For people in Minnesota, retirement funds may be among the largest assets that they have. This means that they are also some of the most substantial marital assets dealt with during property division in a divorce. In most cases, retirement accounts are considered marital assets. Of course, the amount of those funds that are considered part of the marital estate depends on the length of the marriage and how long the retirement plan has been in existence. For people married for many years before they started their retirement plan, the entire fund may be divided between the couple. People in shorter marriages may divide only the growth of the fund during the marriage, depending on their circumstances.

Many people have different types of retirement plans. Some of the most common employer-maintained accounts, like 401(k) or 403(b) plans, require a Qualified Domestic Relations Order to divide them. This court order prevents tax penalties and allows for a division that mirrors the settlement in the divorce decree. In general, a spouse receiving funds in a divorce settlement can roll them over into their own retirement plan without paying a tax penalty. Pensions and other defined benefit plans are also subject to property division, and a QDRO can be used to determine their division.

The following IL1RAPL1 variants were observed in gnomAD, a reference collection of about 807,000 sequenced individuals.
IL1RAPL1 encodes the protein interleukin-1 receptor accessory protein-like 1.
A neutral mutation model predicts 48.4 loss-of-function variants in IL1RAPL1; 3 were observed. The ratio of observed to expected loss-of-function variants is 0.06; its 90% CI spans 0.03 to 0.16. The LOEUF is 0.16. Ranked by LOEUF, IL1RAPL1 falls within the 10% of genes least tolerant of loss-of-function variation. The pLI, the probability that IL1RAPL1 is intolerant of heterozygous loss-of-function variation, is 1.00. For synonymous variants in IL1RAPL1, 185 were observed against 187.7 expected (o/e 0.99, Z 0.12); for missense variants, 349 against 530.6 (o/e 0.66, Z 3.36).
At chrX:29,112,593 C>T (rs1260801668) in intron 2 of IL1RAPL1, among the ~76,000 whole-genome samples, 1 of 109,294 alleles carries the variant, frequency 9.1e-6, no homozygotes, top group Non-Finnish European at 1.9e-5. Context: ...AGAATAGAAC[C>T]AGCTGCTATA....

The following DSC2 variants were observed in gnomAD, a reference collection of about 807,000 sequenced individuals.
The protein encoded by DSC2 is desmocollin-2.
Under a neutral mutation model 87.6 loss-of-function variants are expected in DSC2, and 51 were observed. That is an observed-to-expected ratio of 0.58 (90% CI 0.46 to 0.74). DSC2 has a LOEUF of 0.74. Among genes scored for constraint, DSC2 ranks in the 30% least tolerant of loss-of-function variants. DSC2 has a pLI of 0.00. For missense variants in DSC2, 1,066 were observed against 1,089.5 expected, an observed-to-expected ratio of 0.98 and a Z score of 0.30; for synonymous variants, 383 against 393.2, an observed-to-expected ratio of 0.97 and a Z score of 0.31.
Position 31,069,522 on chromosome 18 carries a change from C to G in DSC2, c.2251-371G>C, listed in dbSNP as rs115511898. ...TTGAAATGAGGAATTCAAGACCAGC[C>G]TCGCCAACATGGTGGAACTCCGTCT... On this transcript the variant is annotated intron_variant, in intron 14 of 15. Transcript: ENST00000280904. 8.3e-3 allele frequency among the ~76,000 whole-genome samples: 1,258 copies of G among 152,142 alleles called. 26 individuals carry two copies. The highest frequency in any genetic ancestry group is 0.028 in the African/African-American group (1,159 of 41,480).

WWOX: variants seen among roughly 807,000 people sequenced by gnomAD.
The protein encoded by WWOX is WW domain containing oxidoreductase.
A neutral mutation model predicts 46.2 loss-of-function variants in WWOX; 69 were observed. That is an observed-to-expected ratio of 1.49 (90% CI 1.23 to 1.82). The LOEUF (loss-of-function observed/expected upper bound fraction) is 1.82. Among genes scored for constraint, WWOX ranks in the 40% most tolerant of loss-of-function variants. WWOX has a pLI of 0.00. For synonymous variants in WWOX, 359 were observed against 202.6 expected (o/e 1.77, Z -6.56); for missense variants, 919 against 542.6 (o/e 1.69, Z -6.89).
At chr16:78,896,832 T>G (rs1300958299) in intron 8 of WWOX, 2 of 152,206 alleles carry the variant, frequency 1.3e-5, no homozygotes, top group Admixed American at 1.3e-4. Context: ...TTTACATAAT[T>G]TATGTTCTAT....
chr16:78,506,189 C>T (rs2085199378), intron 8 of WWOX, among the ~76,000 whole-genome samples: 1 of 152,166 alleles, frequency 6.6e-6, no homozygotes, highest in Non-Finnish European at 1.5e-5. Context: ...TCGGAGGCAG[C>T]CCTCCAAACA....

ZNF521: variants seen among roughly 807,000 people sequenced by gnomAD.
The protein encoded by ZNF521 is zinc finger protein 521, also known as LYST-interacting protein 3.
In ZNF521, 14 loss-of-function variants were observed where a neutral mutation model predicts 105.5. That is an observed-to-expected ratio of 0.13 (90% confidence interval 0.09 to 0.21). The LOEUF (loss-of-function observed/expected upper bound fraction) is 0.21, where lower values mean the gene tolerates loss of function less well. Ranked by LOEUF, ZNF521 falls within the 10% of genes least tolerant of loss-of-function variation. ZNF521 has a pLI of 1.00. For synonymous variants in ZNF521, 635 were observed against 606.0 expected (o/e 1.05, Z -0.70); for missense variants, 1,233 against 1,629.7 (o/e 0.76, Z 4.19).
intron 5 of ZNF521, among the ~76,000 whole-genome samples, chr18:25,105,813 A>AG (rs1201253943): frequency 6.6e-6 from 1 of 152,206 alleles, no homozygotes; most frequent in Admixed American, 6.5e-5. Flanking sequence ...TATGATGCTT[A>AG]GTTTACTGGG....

Individual retirement accounts are easier to divide in a divorce because they are not regulated as employer-sponsored plans. Only the divorce decree is necessary to make the division, and funds can be rolled over into the recipient spouse’s retirement funds without a tax penalty.

Because retirement savings are so important, dividing these funds can be one of the more complex and contentious issues in a divorce. A family law attorney may help a divorcing spouse to negotiate a fair settlement on asset division, spousal support and other matters.